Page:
By Christopher Paolini
Knopf. 681 pp. $21
In the rarefied world of young-adult fantasy, Christopher Paolini is a true rarity: a young adult who writes the stuff rather than simply reading it. Not only that, he has already sprinted beyond the huffing pack of hack fantasy writers. "Eragon," the novel Paolini started when he was 15, was picked up by Knopf four years later, in 2003, and became a long-running bestseller. A couple of million copies are in print, and a movie is in the works, with Jeremy Irons and John Malkovich onboard. But "Eragon," starring a boy and a scene-stealing blue she-dragon, was just the first installment in a projected trilogy. Now comes Book 2, "Eldest," with an initial print run of 1.3 million and two questions begging to be answered: Is it any good, as opposed to merely precocious and popular? And what's it doing with a red dragon on the cover?
You have to read as far as Page 639 to find out about the red dragon, though here's a hint: The blue dragon is not happy about him. The question of merit is not so easily answered. Those who can't abide dragons, dwarves, elves, sword-clanging battles, invented languages, maps, and all of the other staples of a certain well-worked strain of fantasy shouldn't even crack open the so-called Inheritance trilogy. And fans of the genre's luminaries -- Tolkien being the great progenitor -- may well split over "Eldest" as they did over "Eragon," some dismissing it as formulaic apprentice work, some detecting a strong voice already putting an individual spin on the conventions.
Both have a point. Told baldly, the plot thus far creaks with cliches. In "Eragon," an apparently orphaned farm boy living in the vaguely medieval empire of Alagaesia finds a blue stone egg, out of which hatches the lovable, glittering dragon and alter ego he names Saphira. But the pairing isn't accidental; nothing in fantasyland ever is. In a predictable melding of coming-of-age yarn, quest epic and good-vs.-evil clash, Eragon learns he is a Dragon Rider, the only one left besides the despotic King Galbatorix. Before Eragon and Saphira know it, the king's ghastly henchmen are after them, and the tutelage that will turn Eragon from a "slight, moody, overeager boy" into the empire's savior has begun. This involves a lot of explication by various tutors, a good deal of fortunetelling and much trekking about as rebels of all races start to gravitate to Eragon. The whole thing culminates in the first big, and necessarily inconclusive, clash with Galbatorix's army. Oh, and there's a hot elf maiden, she who lost Saphira's egg in the first place.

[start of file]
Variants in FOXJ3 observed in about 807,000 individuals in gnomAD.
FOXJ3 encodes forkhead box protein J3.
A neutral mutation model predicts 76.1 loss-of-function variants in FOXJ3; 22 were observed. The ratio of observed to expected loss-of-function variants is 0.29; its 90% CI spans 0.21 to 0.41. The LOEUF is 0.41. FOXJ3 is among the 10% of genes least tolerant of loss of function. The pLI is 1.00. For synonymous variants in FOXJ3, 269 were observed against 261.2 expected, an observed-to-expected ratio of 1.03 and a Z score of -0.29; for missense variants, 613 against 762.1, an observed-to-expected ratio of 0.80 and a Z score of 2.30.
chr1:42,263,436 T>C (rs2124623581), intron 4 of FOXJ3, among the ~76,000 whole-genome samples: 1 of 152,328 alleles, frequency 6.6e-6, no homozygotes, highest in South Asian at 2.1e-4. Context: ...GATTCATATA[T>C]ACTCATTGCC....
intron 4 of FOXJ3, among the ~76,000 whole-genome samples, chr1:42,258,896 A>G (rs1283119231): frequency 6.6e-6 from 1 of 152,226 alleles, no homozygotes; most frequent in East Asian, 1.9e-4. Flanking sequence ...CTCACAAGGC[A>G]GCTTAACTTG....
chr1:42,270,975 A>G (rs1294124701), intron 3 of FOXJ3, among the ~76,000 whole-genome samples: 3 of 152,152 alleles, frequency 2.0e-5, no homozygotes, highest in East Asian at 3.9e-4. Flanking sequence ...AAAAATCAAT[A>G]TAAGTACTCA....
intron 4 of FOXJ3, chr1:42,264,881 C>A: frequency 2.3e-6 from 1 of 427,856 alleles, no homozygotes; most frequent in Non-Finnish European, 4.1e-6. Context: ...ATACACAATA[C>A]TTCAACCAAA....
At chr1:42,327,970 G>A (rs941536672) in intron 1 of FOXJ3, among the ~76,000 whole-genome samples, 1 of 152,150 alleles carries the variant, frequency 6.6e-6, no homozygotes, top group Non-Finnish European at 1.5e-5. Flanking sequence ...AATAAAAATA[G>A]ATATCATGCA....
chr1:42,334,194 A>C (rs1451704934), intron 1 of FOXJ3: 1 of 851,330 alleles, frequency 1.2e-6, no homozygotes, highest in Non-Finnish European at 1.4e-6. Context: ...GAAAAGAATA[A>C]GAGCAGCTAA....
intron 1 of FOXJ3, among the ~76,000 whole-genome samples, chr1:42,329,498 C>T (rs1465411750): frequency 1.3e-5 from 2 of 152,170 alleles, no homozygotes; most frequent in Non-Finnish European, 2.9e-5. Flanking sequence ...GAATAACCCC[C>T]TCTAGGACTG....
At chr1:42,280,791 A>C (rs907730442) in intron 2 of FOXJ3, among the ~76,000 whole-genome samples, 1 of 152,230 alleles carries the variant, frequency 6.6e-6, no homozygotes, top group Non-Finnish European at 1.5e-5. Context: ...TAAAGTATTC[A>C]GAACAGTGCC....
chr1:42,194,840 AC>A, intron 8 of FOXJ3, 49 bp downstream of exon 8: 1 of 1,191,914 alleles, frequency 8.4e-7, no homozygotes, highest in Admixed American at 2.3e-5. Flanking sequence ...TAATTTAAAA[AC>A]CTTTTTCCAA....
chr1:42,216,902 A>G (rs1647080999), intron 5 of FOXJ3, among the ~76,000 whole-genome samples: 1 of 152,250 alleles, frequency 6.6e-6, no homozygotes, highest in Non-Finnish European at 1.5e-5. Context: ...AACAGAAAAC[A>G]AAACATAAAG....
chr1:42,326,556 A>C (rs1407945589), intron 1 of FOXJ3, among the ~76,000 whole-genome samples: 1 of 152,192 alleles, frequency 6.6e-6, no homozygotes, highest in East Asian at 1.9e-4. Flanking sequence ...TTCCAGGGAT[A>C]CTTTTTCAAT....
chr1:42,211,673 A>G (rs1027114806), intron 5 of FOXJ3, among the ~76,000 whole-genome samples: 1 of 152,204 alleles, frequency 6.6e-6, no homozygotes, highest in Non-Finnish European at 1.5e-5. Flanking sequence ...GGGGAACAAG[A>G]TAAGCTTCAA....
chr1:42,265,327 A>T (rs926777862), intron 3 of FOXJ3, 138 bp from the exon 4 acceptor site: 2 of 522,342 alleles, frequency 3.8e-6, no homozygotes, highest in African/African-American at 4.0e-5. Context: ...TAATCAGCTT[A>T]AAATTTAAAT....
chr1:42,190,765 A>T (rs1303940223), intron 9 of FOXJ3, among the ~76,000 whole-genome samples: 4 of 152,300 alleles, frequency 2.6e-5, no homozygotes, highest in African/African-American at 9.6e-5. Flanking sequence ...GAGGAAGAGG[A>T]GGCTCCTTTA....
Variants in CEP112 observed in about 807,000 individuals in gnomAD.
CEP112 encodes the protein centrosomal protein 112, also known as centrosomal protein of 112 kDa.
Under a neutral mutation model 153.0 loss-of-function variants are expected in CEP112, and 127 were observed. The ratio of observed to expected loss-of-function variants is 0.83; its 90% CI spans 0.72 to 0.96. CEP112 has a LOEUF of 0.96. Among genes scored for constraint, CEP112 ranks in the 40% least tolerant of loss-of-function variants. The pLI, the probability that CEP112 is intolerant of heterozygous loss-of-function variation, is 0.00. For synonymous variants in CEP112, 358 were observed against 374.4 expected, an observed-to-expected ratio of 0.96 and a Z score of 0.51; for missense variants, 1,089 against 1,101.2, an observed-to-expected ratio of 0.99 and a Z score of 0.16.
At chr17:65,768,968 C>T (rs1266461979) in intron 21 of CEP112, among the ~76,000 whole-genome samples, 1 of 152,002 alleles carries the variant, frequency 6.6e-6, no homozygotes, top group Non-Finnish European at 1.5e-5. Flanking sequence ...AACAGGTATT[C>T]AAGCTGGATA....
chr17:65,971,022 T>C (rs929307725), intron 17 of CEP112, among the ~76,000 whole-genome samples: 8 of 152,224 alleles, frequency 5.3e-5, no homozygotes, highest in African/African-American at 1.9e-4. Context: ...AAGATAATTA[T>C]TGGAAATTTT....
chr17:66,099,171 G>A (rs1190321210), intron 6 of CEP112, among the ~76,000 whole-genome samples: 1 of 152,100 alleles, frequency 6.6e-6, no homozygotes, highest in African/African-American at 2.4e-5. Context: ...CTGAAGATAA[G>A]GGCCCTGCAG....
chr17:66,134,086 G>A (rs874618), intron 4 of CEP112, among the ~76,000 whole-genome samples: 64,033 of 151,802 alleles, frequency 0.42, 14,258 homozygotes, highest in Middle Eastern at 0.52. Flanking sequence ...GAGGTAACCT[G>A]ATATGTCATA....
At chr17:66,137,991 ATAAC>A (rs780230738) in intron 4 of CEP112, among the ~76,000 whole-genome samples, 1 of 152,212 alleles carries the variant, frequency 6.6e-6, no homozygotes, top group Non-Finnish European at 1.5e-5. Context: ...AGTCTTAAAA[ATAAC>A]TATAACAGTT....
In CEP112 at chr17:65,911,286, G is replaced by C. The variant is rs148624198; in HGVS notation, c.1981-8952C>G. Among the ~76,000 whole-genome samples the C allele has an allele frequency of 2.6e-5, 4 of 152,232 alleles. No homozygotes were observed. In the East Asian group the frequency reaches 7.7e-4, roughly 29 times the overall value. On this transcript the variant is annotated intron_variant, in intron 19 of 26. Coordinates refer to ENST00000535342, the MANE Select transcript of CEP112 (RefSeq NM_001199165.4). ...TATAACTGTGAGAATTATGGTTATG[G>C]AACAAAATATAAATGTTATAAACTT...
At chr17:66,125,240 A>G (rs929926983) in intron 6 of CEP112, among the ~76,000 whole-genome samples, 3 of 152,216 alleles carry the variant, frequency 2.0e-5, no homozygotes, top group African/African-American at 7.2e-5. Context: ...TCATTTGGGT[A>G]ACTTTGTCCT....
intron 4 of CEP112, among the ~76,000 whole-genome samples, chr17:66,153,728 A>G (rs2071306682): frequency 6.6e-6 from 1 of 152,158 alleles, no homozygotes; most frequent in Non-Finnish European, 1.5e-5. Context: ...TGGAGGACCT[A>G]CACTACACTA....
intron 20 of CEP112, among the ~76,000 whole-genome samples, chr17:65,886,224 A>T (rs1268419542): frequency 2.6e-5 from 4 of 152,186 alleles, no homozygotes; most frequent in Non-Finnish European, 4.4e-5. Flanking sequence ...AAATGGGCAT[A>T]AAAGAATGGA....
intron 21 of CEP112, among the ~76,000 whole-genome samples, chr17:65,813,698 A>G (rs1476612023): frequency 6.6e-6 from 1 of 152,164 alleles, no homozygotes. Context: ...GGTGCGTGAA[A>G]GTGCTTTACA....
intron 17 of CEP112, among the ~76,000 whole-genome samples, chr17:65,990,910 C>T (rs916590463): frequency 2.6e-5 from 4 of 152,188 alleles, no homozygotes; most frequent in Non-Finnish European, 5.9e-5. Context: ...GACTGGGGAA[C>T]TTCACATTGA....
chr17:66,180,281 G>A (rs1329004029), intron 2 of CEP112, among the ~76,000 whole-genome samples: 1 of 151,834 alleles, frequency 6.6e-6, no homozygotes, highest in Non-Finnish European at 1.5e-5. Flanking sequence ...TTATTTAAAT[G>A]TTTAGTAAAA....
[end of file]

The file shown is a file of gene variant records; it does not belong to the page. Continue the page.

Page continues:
"Eldest" picks up right after the battle, with Eragon being handed off from his human and dwarf mentors to the elves for further lessons in magic, ancient words, warfare, politics and heartbreak (thank you, elf maiden). There is more sojourning, more brooding on destiny and identity, much New Age philosophizing from the elves (a race of vegetarian, workout-addicted conservationists: sort of Hollywoodites with pointy ears) and a lot of high-flown prose: "He shuddered and felt a hard core of determination coalesce in his belly. We have remained sequestered from the world for far too long. It's high time we leave Ellesmera and confront our fate, whatever it may be."